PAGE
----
To the better: this is a great transfer, and the 6.1 DTS is apparently demo quality (there are some online reviews that urge the purchase of the disc just for the DTS track alone - I no longer feel quite so ashamed of my love for bullet time). The video quality does well by the production design and the make-up work. No matter how one may disparage the end result, those two units did their job very well, and on a tenth of the budget of the other zombie video game movie, Resident Evil.

But back to the bad: the box prominently features "Killer Interactive Gaming Menus". This gets really annoying in the Chapter Select menus, which only present you with a mere two scenes per page. Not only do you have to figure out which arrow to use to get to the next page (and they're not terribly intuitive), but for each page you have to sit through another snippet of in-game footage, which gets very, very old if you've hit the wrong arrow and have to sit through that snippet again just to get to the chapter you're seeking. And again. And again.

The opening menu does get points for saying, "Insert Coins", however. I'm fickle that way.

Behind the House: Anatomy of the Zombie Movement is an 18 minute semi-making-of featurette that is refreshing in that it features, and gives props to, George Romero, Tom Savini, and their Dead movies (unlike, say, that Resident Evil thing). Even more surprising is that they popped for clips from those three movies.

The title of Stacked for Zom-bat: The Sexy Babes of House of the Dead should give you an idea of what to expect from this. Four of the female leads (one of whom dies early and never gets to kick any zombie butt) embark on "zombie boot camp". If you're expecting anything like a physical regimen such as those endured by the stars of Charlie's Angels or The Matrix movies... well, don't. They play the arcade game, shoot some paintballs at unfortunate production assistants in make-up, and wind up in a hot tub.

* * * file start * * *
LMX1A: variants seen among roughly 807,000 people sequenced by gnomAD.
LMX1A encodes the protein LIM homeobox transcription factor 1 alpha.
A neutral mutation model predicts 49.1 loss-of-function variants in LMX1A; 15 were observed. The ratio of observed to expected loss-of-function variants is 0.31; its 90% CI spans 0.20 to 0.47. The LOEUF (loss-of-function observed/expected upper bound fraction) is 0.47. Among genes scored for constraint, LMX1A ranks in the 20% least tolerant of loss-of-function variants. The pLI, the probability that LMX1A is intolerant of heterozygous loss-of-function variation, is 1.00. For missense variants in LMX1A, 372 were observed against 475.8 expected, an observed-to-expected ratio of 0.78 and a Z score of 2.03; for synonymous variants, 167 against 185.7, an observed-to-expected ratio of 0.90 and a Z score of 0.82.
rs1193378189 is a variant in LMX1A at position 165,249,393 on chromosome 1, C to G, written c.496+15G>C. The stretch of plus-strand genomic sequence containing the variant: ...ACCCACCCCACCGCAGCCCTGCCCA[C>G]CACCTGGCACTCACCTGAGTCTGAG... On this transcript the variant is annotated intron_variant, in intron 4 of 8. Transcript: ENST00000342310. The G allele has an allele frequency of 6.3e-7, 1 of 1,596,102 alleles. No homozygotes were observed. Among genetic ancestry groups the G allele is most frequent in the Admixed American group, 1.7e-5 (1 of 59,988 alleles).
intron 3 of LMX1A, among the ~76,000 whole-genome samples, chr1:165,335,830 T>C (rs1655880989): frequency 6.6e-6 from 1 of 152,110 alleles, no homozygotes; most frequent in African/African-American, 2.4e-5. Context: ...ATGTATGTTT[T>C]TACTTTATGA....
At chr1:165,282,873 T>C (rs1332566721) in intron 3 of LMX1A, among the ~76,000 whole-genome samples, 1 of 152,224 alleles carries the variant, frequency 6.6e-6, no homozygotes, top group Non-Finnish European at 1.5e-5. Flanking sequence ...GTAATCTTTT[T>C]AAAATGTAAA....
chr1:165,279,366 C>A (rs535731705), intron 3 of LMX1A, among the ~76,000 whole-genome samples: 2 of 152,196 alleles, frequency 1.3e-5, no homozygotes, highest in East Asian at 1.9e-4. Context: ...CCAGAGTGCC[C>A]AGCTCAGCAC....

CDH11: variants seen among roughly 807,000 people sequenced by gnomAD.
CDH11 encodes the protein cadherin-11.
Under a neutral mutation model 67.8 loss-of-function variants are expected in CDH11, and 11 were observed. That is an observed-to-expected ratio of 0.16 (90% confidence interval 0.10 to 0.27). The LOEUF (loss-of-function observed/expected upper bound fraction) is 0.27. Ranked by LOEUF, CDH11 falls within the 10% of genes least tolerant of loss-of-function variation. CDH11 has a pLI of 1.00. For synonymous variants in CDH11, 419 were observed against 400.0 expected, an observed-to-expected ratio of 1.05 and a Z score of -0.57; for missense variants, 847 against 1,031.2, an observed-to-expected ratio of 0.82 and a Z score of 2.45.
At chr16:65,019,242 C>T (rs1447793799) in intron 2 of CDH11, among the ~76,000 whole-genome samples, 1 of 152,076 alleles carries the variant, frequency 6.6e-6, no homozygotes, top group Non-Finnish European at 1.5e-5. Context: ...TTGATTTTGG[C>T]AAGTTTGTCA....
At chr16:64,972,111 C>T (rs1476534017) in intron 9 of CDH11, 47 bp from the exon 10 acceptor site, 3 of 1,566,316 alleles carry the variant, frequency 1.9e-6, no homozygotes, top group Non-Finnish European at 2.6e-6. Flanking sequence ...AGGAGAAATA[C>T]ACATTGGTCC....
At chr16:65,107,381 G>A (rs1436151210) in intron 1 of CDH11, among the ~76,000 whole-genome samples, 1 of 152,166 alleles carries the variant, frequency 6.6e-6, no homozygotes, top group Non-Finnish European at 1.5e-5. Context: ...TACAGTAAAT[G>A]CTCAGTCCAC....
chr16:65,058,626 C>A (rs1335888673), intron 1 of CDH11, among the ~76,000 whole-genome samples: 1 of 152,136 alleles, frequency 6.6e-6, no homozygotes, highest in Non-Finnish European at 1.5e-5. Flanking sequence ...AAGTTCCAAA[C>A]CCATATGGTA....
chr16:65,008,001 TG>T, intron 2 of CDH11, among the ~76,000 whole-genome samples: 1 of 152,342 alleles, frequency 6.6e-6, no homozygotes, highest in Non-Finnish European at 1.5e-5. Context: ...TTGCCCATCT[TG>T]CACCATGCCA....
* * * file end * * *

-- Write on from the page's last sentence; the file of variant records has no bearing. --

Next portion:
There are storyboard comparisons with finished product, narrated by executive producer Mark A. Altman, and three deleted scenes, so you can catch up on excised character development. There are also trailers for this movie, Belly, Cutthroat Alley, Dracula's Curse, Devil's Pond, The Punisher, and S.I.C.K.

And then there are the commentaries. Ah, the commentaries. The first features director Uwe Boll, Post Production Supervisor Jonathan Shore, Producer Shawn Williamson and actor Will Sanderson, who plays the Odious Comic Relief. This is a surprisingly spotty commentary; one can hear the others dragging Boll away from his musings on cappucchino back to the movie, and it's interrupted at one point by a cell phone call from Christian Slater.

Much better is the second commentary by Executive Producer and co-writer Mark A. Altman, who steadfastly refuses to badmouth Boll, but is quite forthcoming with all the story pieces that were cut not only to make room for more action, but also due to time and budget constraints. Of at least one groan-worthy bit of exposition, Altman says, "I really wish I had been on set that day," and all a dumbfounded viewer can do is agree, loudly and heartily.

Dr. Freex, 5/26/2004